Do was born in Vietnam in 1977, and his family fled to Australia in 1980. The blurb neither over- nor under-sells the horror of their journey. They were attacked by two different bands of pirates, who stole their engines, their jewellery, and pretty much everything else worth taking. One oddly benevolent pirate in the second crew threw a gallon of water on board as they were leaving, which was all that saved the family from dehydration. They were eventually rescued by a German merchant ship.

Now, as Do tells it, his father was only twenty-fucking-five when he packed his entire family (his wife, sons, aunts, uncles, and cousins) onto that leaky boat and took them to sea. There were forty of them, all told, on that fishing boat, just nine and a half meters long and two meters wide. Do Senior captained it out to open water, fixing the back-up engine with a rubber thong and basically running the whole operation, all while he was three years younger than I am now – mind blowing!



Because this is real life, Do’s father – brave as he was in his youth – is not perfect, and Do is really frank about their relationship, including periods of (literally) violent antipathy. His honesty impressed me to no end; when it’s your job to make people laugh, it must be especially tough to tell them about the time you grabbed a knife from the kitchen, prepared to stab your drunken father who was threatening your terrified mother. Their rocky relationship, and the steps forwards and backwards across the course of Do’s life and career, is a central part of his story, and as heart-wrenching as it can be, it’s all told with his characteristic and eternal optimism.

Do’s message seems to be this: work your arse off, and smile, and everything will turn out okay. Powered by elbow-grease alone, he made it through school and university (Business/Law at UTS), forged a decent career as a comedian and actor, pivoted into art (he’s been twice-nominated for the Archibald Prize) and writing, and he’s now raising a happy family with his wonderful wife, a million miles away from the life of poverty and peril that surely awaited him in post-war Vietnam. “I’ve always found that if you apply yourself at the right time with the right intensity, you can accomplish just about anything,” he says on page 113.



The Happiest Refugee has won more awards than you can poke a stick at – including the 2011 Australian Book Of The Year. Like The White Mouse, it’s hardly a literary coup (he’s a comedian, not a creative writing grad), but it’s a cracking yarn nonetheless. It’s one to read when you need a little optimism in your life. I feel like I’ve just met Do in a bar, and had an incredible chat about his incredible life over a few beers. And I couldn’t help but notice it doesn’t have a single one-star review on Amazon! You can’t get higher praise than that!

My favourite Amazon reviews of The Happiest Refugee:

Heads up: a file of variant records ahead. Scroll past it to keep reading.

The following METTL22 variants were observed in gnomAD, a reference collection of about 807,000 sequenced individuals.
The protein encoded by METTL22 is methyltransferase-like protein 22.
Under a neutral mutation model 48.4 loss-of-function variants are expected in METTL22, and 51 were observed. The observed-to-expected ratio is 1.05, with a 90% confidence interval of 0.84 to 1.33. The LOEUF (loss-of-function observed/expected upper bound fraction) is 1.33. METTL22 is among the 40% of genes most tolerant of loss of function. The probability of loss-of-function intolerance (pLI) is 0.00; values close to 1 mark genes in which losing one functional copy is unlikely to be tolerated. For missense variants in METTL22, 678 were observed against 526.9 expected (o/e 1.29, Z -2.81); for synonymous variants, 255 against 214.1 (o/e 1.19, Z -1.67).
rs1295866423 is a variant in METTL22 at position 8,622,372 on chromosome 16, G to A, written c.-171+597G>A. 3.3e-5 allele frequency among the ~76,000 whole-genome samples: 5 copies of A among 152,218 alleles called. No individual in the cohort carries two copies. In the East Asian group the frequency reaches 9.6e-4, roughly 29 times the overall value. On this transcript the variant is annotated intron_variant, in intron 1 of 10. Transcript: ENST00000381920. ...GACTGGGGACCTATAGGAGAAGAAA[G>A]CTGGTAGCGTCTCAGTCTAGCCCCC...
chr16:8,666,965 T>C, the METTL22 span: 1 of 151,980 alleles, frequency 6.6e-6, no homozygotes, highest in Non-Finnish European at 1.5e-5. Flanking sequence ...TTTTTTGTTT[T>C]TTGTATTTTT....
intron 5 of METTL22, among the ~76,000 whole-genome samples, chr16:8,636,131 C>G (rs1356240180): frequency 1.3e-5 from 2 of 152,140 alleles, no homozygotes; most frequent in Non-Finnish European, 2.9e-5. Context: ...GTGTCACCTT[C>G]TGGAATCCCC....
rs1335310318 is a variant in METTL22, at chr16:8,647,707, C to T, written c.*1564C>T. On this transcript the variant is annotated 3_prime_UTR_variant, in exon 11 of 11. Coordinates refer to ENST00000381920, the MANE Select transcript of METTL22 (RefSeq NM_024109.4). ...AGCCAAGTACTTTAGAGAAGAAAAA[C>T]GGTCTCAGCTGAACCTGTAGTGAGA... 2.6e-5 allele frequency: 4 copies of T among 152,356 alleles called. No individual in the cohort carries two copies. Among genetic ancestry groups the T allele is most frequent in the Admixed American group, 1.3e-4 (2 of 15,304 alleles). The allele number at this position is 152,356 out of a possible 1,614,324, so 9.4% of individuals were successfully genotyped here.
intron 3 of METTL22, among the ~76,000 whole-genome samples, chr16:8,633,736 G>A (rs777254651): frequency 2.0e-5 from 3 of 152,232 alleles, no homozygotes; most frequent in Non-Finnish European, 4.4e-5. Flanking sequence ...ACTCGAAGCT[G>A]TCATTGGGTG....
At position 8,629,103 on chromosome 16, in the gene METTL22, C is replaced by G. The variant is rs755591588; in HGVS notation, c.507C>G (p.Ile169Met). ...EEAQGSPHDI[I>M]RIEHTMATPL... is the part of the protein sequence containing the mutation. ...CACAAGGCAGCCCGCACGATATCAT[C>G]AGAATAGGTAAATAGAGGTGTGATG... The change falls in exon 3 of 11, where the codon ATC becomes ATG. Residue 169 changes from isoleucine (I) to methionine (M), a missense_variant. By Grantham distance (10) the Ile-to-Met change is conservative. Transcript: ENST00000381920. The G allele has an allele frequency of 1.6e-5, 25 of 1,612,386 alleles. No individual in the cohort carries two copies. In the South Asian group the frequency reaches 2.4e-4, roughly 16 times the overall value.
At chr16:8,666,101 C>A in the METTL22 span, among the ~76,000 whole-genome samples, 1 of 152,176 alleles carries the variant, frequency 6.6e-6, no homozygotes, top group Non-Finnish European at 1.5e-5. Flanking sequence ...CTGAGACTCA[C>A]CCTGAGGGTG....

• “I don’t want to fill this out. I just want to close out and start my next reading. Very annoying.” – Amazon Customer
  • “Never read a better book in my life and I’ve read thousands” – craig reynolds
  • “Good immigrant story” – Reading Granny
  • “Top story, top bloke.” – Tezza41
  • “Really long and absolutely great. It just went on and on but you wanted it to,” – Jesse Crisp


The White Mouse – Nancy Wake

I’ve been obsessed with the story of Nancy Wake ever since a friend told me about her a couple of years ago. She was one of the most highly decorated women of WWII, and the stories of her exploits in resisting the Gestapo are legendary. That’s why I added this book in particular to my reading list. Peter FitzSimons wrote a far more popular biography (which I would also like to read some day), but I really wanted to hear the story of this incredible woman in her own words. The White Mouse wasn’t hugely popular upon release, and it didn’t have a massive print-run, so I thought I had sweet fuck-all chance of finding it in a secondhand bookstore. I always checked the biography section just in case, never expecting much… until one day I ducked into my local while I was waiting for a bus, and there it was! To this day, I can’t believe my luck.

OK, it turns out that Nancy Wake was actually born in New Zealand, even though we claim her as an Aussie (we will claim any decent Kiwi as our own without blinking an eye, it never ceases to amaze). In The White Mouse, she only gives us a page or two about her early life, though; she speeds right ahead to the ascendancy of Hitler and the beginning of WWII. She was living in Marseilles with her French husband at the time, and she found increasingly inventive ways to help the French efforts resisting the Germans, helping sneak refugees out of France when the Occupation began. She went on to become a leading figure in the Resistance, using her “native cunning and beauty” to overcome the suspicions of German guards and get through checkpoints. Yep, she literally flirted her way through the war, all the while killing German soldiers with her bare hands. That’s girl power, folks.